Potential for PAT

Process analytical technology (PAT) can definitely make a difference, according to Stief, because it provides many opportunities for preventing operator exposure to highly potent drugs and drug products. These techniques are also attractive because they are mostly noninvasive and support process monitoring without direct product contact or sampling procedures. He points to the use of Raman analysis for compound identification, which can be achieved through a polyethylene bag. “Near-infrared (NIR) methods are also available for online blend uniformity measurement in blending operations, and NIR assays may eventually even support a real-time release strategy,” he notes.

Flexibility for success

Both Cobb and Stief believe that the flexibility of their highly potent solid dosage manufacturing facilities provides a real benefit to the industry. “With our custom-engineered, hard-wall isolators, clients have the flexibility to select only those capabilities needed for their particular projects,” explains Cobb. He notes that such flexibility is proving increasingly important as greater numbers of APIs (active pharmaceutical ingredients) are becoming increasingly more potent. “In addition, many of the new APIs are more difficult, challenging, and hard to handle, which means those of us who work with them need to be nimble and flexible in order to respond appropriately.”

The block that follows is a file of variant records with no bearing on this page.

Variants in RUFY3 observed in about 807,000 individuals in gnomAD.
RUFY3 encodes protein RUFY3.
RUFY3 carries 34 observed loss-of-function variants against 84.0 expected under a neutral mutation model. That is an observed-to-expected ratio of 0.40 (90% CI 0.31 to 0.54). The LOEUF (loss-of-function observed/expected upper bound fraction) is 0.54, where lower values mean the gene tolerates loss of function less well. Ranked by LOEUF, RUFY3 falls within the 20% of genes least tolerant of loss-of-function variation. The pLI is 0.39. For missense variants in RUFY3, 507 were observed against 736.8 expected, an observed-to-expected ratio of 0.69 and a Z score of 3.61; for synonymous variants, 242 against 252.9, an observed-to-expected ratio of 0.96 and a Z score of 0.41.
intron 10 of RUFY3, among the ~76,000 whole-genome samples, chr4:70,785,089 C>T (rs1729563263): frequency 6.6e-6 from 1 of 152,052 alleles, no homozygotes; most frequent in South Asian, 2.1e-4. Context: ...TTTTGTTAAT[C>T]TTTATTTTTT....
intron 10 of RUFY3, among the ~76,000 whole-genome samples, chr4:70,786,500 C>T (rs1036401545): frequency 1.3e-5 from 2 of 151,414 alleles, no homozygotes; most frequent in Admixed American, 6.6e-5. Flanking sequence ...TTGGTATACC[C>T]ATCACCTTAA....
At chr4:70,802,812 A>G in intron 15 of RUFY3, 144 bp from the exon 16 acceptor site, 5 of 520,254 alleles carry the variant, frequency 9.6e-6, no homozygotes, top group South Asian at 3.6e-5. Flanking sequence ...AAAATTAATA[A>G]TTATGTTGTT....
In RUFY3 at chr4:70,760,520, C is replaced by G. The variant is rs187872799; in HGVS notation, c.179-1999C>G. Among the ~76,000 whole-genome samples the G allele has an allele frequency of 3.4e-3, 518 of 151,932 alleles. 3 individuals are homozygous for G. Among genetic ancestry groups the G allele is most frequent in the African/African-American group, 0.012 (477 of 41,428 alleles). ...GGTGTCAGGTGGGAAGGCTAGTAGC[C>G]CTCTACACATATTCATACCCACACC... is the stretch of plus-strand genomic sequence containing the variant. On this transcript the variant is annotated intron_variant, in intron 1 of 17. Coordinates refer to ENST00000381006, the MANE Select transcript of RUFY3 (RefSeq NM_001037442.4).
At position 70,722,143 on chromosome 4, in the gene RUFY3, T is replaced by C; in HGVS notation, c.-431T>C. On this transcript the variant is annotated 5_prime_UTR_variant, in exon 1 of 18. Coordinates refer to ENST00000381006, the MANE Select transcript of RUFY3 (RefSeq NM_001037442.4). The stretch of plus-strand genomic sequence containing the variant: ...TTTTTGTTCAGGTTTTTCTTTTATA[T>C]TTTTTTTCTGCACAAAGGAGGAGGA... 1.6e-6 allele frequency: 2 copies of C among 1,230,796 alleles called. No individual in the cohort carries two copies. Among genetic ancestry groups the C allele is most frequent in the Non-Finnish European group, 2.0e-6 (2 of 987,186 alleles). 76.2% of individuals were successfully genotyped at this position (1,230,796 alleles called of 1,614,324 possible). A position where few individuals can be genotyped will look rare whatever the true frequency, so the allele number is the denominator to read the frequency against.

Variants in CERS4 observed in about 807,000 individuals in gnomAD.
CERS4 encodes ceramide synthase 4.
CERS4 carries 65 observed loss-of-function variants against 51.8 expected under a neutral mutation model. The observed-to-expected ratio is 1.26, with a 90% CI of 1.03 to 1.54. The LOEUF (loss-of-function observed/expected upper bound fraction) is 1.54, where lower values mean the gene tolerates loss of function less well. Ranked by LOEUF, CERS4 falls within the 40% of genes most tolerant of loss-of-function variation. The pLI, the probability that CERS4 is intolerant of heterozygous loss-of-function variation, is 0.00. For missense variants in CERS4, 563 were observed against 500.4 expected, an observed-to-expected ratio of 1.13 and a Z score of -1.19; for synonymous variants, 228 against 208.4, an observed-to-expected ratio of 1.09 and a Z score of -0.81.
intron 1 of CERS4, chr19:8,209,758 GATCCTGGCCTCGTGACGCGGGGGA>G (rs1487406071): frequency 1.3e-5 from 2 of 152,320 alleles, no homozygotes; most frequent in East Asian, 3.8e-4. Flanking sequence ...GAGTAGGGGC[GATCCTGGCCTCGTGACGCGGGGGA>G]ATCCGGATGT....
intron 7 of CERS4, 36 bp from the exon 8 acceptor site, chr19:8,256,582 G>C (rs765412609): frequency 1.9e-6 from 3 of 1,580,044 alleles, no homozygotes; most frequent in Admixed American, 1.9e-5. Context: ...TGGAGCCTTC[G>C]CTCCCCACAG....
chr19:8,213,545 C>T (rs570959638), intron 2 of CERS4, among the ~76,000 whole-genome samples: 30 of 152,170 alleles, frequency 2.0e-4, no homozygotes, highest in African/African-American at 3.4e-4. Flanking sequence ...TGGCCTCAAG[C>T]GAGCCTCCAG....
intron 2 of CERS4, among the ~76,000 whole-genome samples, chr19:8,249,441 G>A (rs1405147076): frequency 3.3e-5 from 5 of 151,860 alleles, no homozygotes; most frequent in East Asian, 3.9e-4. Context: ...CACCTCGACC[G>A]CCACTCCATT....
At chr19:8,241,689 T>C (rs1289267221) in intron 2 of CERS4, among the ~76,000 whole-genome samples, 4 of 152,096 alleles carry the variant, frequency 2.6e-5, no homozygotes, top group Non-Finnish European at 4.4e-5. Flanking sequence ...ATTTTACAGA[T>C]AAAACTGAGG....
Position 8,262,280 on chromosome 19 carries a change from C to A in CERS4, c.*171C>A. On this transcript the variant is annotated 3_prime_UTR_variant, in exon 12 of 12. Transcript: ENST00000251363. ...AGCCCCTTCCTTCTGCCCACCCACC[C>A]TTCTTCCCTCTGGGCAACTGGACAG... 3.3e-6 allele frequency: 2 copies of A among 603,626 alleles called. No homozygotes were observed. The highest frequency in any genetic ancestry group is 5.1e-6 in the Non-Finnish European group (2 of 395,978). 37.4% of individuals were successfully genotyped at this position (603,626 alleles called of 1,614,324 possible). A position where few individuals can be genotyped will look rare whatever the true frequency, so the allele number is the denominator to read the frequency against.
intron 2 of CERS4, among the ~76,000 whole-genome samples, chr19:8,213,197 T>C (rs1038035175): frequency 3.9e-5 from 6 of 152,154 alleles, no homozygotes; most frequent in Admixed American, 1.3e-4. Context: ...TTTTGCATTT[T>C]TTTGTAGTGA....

The DevCon Facility (Development Containment) for Product and Process Development at Pfizer´s Launch Site in Freiburg, Germany can cover batch sizes from 10 to 150 kg and provides full GMP compliant services.  This flexibility of scale is important in the development arena, according to Stief. He adds that the facility can also be used for the production of launch and commercial quantities of small volume products. PGS is also currently evaluating investment in additional laboratory-scale equipment in response to the urgent need to have GMP-compliant lab-scale equipment in a containment environment to cover the initial phases of the development cycle, according to Stief.